Selecting the Right Guide
I am blessed that I now get to spend my life doing what I love; being on the water is all I have always wanted. Like a lot of other people, it is where I find comfort, relaxation, and have time to think about all of those things that clutter our minds. Fortunately, I have found a way to make a living at it. Most people look at fishing guides and believe we have the best life there is. Well, I'm not going to lie and say we don't; but, I will add that it is extremely taxing and physically exhausting. When people ask about becoming a fishing guide, there are a few questions I ask them:
- Do you enjoy people
- Do you enjoy being outside no matter what the weather conditions
- Have you caught all of the fish you need to in order to make you happy
- Do you have a desire to make someone else's dream come true
- Are you patient
- Can you physically take it
These are questions each and every person should ask themselves before becoming a fishing guide. Why? Well, some of the answers are fairly obvious. Yes, you must enjoy people: you must enjoy being around them (from all walks of life), you must enjoy talking with them, and you must enjoy trying to make them happy. The outdoors seems like an obvious answer, but many people only like being out in perfect conditions. They don't like it too hot, too cold, too windy, or anything else. Unfortunately we can't always fish in perfect conditions. I usually get a puzzled look over the catching enough fish question. Most think: I'm fishing every day, why would I worry if I've caught enough. Answer: You're not fishing, your client is. You're job is to place them in the position to catch fish, not to catch them yourself. The last question is also one that gets puzzled looks. I can usually read their minds: we are fishing, it isn't a contact sport. Well, if you are guiding like I do, you will spend 6-8 hours a day poling a skiff across the water. See, unless the customer wants a boat ride, I get paid to find fish. I find fish by poling the boat. Yes, sometimes we use a trolling motor, but the majority of the time is spent on the push pole, easing along and hunting fish. It is far more physically demanding than many think. This is especially true on those too windy days.
Another thing I am blessed to do is teach fishing. Specifically, I teach fly fishing. I get to teach with true legends like Lefty Kreh, Flip Pallot, and Chico Fernandez. These gentlemen have forgotten as much as I know. Through them, I have learned to become a better instructor, a better caster, and a better guide. One section I teach is how to select the right guide. It is far too often over looked by anglers going to an area. Most simply click on the internet, find a list, and start calling to see who is open. If it's a last minute trip, I might understand this. However, if you are planning the trip, you should take great care in selecting your guide. Well how do I do that you ask? Here are some simple steps:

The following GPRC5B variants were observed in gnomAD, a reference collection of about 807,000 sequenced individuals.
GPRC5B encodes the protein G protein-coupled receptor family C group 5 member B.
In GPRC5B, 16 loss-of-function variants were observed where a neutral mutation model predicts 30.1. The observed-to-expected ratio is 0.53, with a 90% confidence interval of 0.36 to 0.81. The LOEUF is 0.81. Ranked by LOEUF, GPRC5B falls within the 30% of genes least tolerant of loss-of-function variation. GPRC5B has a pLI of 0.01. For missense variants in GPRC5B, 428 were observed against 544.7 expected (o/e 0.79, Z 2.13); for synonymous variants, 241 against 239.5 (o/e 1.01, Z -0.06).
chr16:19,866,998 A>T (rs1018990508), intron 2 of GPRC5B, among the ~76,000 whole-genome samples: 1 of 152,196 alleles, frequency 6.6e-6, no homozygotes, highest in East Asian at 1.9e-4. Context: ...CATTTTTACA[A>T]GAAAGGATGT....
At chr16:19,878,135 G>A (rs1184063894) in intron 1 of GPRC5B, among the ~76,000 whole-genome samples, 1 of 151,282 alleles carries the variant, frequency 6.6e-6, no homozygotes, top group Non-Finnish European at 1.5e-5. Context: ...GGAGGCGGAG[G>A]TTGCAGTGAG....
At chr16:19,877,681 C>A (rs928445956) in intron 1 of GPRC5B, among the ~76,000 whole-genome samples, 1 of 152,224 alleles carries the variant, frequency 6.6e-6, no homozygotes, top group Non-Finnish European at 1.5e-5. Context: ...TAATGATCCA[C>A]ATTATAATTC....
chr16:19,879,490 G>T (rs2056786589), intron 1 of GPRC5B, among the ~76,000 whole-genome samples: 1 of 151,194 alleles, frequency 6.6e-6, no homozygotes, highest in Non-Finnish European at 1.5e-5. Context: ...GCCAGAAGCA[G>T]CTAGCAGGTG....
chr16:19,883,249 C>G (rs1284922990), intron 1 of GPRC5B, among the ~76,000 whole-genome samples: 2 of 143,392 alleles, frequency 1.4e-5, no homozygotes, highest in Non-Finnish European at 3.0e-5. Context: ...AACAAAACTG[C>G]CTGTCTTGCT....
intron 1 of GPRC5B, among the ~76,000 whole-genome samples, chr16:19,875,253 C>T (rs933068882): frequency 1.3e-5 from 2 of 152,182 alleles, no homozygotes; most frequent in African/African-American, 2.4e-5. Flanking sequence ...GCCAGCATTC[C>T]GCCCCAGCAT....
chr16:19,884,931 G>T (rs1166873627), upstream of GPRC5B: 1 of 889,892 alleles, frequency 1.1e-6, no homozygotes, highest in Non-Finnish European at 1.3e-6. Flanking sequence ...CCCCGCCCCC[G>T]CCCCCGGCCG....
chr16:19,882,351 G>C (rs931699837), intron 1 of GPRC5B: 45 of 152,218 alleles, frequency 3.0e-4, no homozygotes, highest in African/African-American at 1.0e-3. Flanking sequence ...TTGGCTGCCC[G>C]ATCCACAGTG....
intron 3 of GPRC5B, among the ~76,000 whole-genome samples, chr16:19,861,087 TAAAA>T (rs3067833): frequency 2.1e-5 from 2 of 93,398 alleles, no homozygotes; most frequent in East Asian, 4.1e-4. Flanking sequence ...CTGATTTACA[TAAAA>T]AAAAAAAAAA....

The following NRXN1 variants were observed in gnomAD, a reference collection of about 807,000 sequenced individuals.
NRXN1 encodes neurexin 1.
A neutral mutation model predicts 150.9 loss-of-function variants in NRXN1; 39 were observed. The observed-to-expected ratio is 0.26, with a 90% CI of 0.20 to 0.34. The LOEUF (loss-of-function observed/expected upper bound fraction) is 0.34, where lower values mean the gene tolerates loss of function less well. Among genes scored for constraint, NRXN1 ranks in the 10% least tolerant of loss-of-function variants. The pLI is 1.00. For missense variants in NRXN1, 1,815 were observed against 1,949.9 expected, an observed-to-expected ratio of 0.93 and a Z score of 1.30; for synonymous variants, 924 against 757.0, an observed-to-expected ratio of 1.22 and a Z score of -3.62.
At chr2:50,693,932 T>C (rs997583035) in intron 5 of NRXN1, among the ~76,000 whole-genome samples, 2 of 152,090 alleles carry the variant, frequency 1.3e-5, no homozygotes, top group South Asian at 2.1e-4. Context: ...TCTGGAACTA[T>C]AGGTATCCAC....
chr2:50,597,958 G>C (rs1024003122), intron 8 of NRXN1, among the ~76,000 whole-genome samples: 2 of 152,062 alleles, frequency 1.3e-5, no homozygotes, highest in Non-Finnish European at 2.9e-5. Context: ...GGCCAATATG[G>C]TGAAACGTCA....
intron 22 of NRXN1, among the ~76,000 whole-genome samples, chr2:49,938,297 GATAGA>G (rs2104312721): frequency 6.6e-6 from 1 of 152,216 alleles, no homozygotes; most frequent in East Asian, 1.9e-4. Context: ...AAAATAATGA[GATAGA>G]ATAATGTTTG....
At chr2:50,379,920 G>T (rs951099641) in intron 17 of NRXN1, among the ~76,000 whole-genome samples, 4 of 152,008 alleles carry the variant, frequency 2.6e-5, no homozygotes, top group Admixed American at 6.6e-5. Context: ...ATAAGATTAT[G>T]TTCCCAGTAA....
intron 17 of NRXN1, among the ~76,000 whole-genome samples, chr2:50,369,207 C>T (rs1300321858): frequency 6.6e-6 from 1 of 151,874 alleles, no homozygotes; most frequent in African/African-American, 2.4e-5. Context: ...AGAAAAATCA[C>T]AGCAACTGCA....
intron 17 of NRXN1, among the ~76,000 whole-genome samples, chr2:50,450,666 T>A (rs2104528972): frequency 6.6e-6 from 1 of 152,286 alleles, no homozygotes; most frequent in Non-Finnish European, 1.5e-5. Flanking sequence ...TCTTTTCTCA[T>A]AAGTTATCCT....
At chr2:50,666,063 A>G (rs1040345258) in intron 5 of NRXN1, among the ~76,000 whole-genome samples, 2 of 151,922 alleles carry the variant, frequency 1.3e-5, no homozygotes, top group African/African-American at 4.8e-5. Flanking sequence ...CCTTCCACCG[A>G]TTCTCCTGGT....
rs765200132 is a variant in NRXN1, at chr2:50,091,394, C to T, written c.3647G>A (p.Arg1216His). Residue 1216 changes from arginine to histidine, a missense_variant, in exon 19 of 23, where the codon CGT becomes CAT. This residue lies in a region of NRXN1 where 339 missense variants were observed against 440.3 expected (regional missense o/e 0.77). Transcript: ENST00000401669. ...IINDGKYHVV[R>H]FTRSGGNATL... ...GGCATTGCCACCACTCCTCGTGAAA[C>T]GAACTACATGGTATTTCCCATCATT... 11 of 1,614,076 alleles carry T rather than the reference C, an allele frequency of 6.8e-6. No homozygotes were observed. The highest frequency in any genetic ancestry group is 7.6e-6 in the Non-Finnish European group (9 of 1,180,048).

- Look at the website of the person you are thinking of selecting; pay attention not only to the pictures, but to the words (make sure they match)
- Contact the person you are interested in and interview them. Yes, I said interview them! Let them know you want a few moments to speak with them and ask questions. Sometimes they may have to call you back, when they have enough time, but they should never balk at the fact you want to ask questions.
- During your interview, make sure they have the experience you need. You need to be honest with your guide about your experience. Personally, I love first time fly fishers. But, I have the knowledge to teach and coach on the boat, along with the patience. Some others don't (either because they don't want to or they don't know how to).
- Make sure the guide knows how to fish like you want to fish. Honestly, I don't fish live bait (with some exceptions). Nothing personal, it's just not what I enjoy or what I have concentrated on. I work with some great guides who are fantastic with live bait and have no problem referring people to them. For me, it's about giving my customer the best shot at making that memory.
- Bring up any concerns before you plan the trip. I have clients who need special gear when they come: no problem ,as long as I know ahead of time, I can prepare for it. This includes physical limitations, special needs for equipment (extra dry storage for video or camera equipment), and even simple things like being left handed.
Your interview should relieve you of any and all questions. Your guide should be happy to answer any of the questions. If not, I would suggest finding another guide! This is your trip and you have a right to make sure that you will enjoy it! You are spending hard earned money and paying for a service; just like any service, it should match you expectations.
I do caution every angler about one thing: please remember that nature doesn't always cooperate! Yes, I have been skunked on the boat before, with clients! If a guide tells you otherwise, they are either lying or fishing in heaven! Sometimes it is the angler's fault and sometimes there is just nothing that can be done about it; nature isn't on our schedule. But, if you hire the right guide, I will guarantee you that no one will be more upset that him/her if the day is not successful! If you hire the wrong guide, they'll drop you at the dock and leave, not caring.
My final blessing: I've never had a client leave mad or disappointed. By the end of the day, they know I have given all I can to make their dreams come true. Sometimes we have great photos to go along with it, sometimes it is just the memories of our conversations and visions. Either way, we all know we will be together again and there are more memories to be made!
Fly fishing school with Lefty Kreh and Flip Pallot!